We found that alcohol-related liver disease mortality peaks around the age of 60 years for both men and women. For men, mortality rates were generally lower at a given age for every generation after those born in the 1930s; thus, for example, controlling for age, a man born around 1980 was around one-third as likely as someone born in 1935 to die of an alcohol-related disease. Generational differences were much less consistent for women, with cohorts born around 1930 and 1965 both experiencing significantly higher mortality rates than those born in between. Adjusting out generational differences, alcohol-related liver disease rates for women had slightly increased overall since the early 2000s. Overall, the data are broadly encouraging: alcohol-related liver disease for men and women is markedly lower now than it was in the early 1980s. However, our analyses suggest that these improvements have stalled and even potentially started to reverse for women. Recently released data showing ongoing increases in alcohol-induced mortality in 2021 and 2022 (here) suggest alcohol-related liver deaths may continue to increase.
Of note in our findings was a narrowing of the gender gap, driven partly by generational peaks in mortality for women born in the 1960s. This narrowing likely reflects long-running (and largely positive) cultural changes towards gender equity that have shifted social norms around women’s drinking. These shifts highlight the need for improved public health responses to alcohol, even in a context where per-capita consumption has been declining.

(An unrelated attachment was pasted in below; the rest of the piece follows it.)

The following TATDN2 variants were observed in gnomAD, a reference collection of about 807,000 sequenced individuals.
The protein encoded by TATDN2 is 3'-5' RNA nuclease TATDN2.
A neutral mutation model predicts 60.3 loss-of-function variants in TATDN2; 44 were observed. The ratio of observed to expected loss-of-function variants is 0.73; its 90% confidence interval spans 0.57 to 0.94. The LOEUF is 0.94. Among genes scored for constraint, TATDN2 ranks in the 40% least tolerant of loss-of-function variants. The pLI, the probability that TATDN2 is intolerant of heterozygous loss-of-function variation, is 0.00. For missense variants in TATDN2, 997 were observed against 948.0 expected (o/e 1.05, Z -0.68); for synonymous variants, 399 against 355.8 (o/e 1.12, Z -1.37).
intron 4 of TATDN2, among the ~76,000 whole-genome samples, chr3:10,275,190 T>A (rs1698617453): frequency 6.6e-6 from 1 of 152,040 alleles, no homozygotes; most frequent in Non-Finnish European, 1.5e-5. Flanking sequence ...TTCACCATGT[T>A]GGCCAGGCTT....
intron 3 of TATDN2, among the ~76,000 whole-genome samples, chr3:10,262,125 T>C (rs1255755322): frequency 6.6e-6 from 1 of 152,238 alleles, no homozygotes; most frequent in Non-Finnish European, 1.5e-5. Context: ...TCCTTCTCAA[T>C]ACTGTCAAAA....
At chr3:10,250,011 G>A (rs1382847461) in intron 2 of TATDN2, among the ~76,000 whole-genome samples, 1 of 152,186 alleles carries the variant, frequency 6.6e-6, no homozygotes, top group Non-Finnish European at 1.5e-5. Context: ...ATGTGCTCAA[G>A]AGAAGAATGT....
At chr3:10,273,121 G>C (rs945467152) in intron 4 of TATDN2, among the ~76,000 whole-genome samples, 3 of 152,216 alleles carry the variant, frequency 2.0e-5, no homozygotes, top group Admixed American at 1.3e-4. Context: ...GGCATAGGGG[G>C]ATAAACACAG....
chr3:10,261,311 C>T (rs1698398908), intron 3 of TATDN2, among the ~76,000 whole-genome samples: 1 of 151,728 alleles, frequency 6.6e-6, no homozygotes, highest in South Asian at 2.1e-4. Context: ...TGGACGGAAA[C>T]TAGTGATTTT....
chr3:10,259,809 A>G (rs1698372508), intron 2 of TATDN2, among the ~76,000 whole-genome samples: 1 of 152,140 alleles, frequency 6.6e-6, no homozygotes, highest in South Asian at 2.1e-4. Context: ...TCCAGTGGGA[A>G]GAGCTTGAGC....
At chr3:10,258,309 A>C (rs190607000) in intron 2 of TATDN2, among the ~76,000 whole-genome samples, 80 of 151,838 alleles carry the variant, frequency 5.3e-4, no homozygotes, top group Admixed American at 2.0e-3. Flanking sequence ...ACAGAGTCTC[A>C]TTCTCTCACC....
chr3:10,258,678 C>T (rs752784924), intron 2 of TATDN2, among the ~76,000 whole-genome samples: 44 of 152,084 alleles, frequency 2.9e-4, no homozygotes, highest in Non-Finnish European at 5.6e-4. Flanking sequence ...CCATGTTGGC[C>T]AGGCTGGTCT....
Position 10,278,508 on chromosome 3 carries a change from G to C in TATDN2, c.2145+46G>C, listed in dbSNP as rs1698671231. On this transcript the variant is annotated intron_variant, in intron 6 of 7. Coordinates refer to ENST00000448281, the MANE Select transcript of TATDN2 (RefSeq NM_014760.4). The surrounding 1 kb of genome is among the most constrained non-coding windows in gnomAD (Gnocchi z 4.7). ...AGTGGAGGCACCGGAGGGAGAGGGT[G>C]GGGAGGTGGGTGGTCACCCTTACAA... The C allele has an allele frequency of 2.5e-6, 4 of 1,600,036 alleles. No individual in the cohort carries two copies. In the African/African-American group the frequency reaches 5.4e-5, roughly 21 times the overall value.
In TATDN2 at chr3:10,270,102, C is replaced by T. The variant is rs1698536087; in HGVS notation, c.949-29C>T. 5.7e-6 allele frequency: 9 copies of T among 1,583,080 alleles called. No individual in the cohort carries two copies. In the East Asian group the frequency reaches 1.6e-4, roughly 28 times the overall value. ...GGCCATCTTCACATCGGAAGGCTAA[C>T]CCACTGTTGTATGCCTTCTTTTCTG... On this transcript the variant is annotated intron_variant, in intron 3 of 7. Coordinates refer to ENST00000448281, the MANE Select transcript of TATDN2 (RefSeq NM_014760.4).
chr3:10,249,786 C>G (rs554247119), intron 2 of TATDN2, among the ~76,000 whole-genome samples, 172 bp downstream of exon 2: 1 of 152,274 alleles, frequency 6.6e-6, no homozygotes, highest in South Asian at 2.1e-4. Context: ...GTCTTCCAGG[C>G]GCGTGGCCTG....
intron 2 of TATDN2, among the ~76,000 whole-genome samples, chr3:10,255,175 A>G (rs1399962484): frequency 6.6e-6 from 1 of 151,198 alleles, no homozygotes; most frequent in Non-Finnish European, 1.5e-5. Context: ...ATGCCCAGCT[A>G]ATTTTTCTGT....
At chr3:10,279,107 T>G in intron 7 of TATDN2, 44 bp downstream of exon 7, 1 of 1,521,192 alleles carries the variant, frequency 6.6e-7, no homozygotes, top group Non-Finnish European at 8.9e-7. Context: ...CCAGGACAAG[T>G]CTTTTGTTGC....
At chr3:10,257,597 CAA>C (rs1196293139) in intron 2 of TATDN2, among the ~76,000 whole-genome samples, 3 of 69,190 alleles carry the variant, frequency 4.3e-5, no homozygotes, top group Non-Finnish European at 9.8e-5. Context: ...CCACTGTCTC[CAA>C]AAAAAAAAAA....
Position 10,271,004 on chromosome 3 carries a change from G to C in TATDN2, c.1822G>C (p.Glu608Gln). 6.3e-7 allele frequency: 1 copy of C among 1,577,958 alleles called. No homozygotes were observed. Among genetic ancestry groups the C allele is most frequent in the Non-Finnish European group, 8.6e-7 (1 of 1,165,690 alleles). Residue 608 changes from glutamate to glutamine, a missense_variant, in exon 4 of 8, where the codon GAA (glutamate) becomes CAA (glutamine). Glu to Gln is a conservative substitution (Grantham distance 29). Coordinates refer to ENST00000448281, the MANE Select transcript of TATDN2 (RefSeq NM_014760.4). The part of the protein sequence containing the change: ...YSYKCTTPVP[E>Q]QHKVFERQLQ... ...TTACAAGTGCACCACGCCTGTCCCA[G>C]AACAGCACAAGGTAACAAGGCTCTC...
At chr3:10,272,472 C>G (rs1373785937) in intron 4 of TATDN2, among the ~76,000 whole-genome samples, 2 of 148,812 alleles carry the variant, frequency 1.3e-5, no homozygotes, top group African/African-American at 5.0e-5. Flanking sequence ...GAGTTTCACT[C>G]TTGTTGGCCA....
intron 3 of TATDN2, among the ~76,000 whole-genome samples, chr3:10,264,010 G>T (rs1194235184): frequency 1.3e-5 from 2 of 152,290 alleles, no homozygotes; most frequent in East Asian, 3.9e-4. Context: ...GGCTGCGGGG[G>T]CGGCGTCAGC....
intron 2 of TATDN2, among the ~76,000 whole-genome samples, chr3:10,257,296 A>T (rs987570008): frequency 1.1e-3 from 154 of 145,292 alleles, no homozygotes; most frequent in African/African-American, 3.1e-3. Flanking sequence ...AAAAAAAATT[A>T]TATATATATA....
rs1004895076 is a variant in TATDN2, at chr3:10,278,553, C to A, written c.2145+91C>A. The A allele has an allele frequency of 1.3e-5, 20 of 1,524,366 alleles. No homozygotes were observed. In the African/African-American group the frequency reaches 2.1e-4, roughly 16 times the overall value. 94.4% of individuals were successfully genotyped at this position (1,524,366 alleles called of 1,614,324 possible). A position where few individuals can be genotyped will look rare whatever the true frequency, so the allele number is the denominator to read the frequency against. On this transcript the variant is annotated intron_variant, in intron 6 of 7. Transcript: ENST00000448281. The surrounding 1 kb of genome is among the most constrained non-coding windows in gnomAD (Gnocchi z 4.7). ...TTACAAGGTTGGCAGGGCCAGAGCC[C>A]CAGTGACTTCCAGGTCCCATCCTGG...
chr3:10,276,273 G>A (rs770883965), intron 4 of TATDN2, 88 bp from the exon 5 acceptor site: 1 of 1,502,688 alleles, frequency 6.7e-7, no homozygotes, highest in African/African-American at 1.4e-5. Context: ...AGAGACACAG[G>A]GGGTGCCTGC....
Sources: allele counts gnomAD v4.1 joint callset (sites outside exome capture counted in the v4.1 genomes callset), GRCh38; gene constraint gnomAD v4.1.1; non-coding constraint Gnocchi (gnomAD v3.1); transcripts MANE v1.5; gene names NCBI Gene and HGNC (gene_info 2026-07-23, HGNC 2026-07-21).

The need for continued intervention
The evidence for population-level interventions is clear: increasing price via tax or minimum unit pricing, reducing exposure to marketing and reducing the physical availability of alcohol will all lead to reductions in consumption and eventually mortality (here). Alongside these broad interventions, our work suggests that interventions focused on women approaching retirement age now might be especially worthwhile. There remains relatively little research in this area (although see here), and developing appropriate interventions at the general population, primary care and treatment sector levels should be a key priority to prevent ongoing increases in premature mortality among this generation of women. Of course, male rates of alcohol-related liver disease mortality remain higher than women’s and improving brief intervention and treatment access across the entire population is crucial.
The ongoing increases in alcohol deaths seen through the COVID-19 years in the United Kingdom, the United States and Australia point to a potentially overlooked public health challenge, and it is critical that state and federal governments pay attention to this ongoing driver of avoidable early mortality.
Michael Livingston is an Associate Professor at the National Drug Research Institute at Curtin University. He is one of Australia’s leading alcohol policy researchers, with more than 200 articles published.
The statements or opinions expressed in this article reflect the views of the authors and do not necessarily represent the official policy of the AMA, the MJA or InSight+ unless so stated.